Lake Osborne Fishing
Lake Osborne is a 356-acre water body located in Palm Beach County. Aquatic vegetation consists of cattail, spatterdock, and hydrilla. Nine fish attractors have been constructed on the lake and are marked with buoys. Fish present in Lake Osborne include peacock bass, clown knife fish, largemouth bass, sunshine bass, black crappie, bluegill, redear sunfish, catfish, and Mayan cichlids.
Because much of the lake is surrounded by John Prince Park, bank access is plentiful. The park has a public boat ramp and fishing dock equipped with its own automatic fish feeder. Picnic pavilions, a campground, and public restrooms are also present in John Prince. There are no marinas, fish camps, or bait and tackle stores on the lake.
Guides Capt Brett Isackson, Capt Tony Masiello and Capt Daivd Lauer all to South Florida guides who spent many days fishing on Lake Ida & Osborne and is often written about in the media. He explains fishing on Lake Osborne uses live bait and artificial lures. We believes the Lake Osborne bass fan out beds near hydrilla because the aquatic plant keeps the water clear, which allows sunlight to reach the beds. Brett fishes deeper in Lake Osborne than he does on other lakes. Heavy boat traffic on Lake Ida & Lake Osborne on the weekends for anglers is unbearable, we believe, encourages these urban bass to seek refuge in deeper water.
It’s a great place to fish, even with wind whipping across the lake, you are able to find sheltered spots to fish. This is urban fishing. Lake Osborne anglers can find fish around grassy, tree-lined stretches of John Prince Park — or around the sea walls of waterfront homes, where the family pet may be present. You may find yourself fishing along sea walls, boats and docks as cars whizzed by at high speed. Helicopters taking off from Lantana airport and buzz over you. The bass do not seem to care. Another great pattern is wooden docks. Something bumped about the shade and cooler water. Bass often weigh up to 6 pounds — very nice bass in most places, but hardly the best at Lake Osborne. We have pulled 10-pound bass from this lake. In February like most South Florida lakes, is a prime spawning month.
The catch rate for largemouth bass in Lake Osborne is solid, too. A survey of 188 Lake Osborne anglers by the Florida Fish & Wildlife Conservation Commission showed a catch rate of 1.07 bass per hour — far better than the statewide average of one bass every four hours. Peacock bass thrive in warm water in this system and are most active in the warm months. They’re known to school and hit topwater baits on hot summer days. But we have been catching peacocks year-round in Lake Ida, Lake Osborne, Lake Clarke and surrounding canals.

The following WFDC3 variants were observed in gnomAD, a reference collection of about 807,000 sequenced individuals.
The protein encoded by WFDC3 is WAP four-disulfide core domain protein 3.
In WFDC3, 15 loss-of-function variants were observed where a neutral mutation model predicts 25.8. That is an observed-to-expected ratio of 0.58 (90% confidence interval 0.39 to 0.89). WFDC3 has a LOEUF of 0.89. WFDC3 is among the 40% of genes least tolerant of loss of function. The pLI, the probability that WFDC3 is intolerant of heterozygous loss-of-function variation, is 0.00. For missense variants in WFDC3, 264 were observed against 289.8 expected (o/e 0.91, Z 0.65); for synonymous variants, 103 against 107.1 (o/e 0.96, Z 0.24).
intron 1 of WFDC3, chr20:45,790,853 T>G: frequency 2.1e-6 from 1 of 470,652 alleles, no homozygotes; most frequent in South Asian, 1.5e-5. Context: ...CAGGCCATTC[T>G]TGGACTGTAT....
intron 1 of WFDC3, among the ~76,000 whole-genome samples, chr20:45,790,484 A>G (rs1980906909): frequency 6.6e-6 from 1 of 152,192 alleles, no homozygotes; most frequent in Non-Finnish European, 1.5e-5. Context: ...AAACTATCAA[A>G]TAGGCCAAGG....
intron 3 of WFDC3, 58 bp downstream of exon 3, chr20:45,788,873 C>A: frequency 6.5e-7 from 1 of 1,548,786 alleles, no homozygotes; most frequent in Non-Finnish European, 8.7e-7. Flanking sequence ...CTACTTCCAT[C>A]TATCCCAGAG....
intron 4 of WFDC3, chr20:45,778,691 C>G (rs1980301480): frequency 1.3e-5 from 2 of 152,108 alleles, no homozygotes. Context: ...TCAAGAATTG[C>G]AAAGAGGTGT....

Fishing Lake Osborne
Where to fish: Anglers can find largemouth bass around marked fish attractors, docks, grassy edges of the lake and near hydrilla mats in open water. For sunshine bass, try fishing in deeper water with threadfin shad or cut shrimp at night under the Sixth Avenue Bridge. For butterfly peacock bass, try pitching live bait or artificial lures near docks and sea walls south of Lantana Road. Try fishing around fallen trees for Mayan cichlids.
Fish variety: In addition to largemouth bass, anglers catch peacock bass, hybrid sunshine bass, Mayan cichlids, bluegills, speckled perch and catfish in Lake Osborne. Anglers also catch an occasional clown knifefish, an odd-looking aquarium fish illegally released into the Osborne/Ida chain.
Regulations: Anglers can keep five largemouth bass a day, only one of which can be 14 inches or longer. Two peacock bass can be kept, only one of which can be 17 inches or longer. There are no limits on Mayan cichlids. The bag limit for speckled perch (black crappie) is 25. For details, refer to the Freshwater Fishing Regulations brochure or go online to www.myfwc.com/fishing/rules.
Licenses: Freshwater fishing licenses are required unless exempt. Licenses can be purchased at sporting goods stores, tax collectors’ offices, online at www.myfwc.com or by calling (888) 347-4356.
Shoreline restoration: Several sections of the Lake Osborne shoreline have been planted with bulrush, spikerush, pickerelweed and other wetland plants to improve the marsh habitat. Planted areas are protected by wave barriers to minimize erosion. Additional shoreline work along the west side of Lake Osborne is planned next year.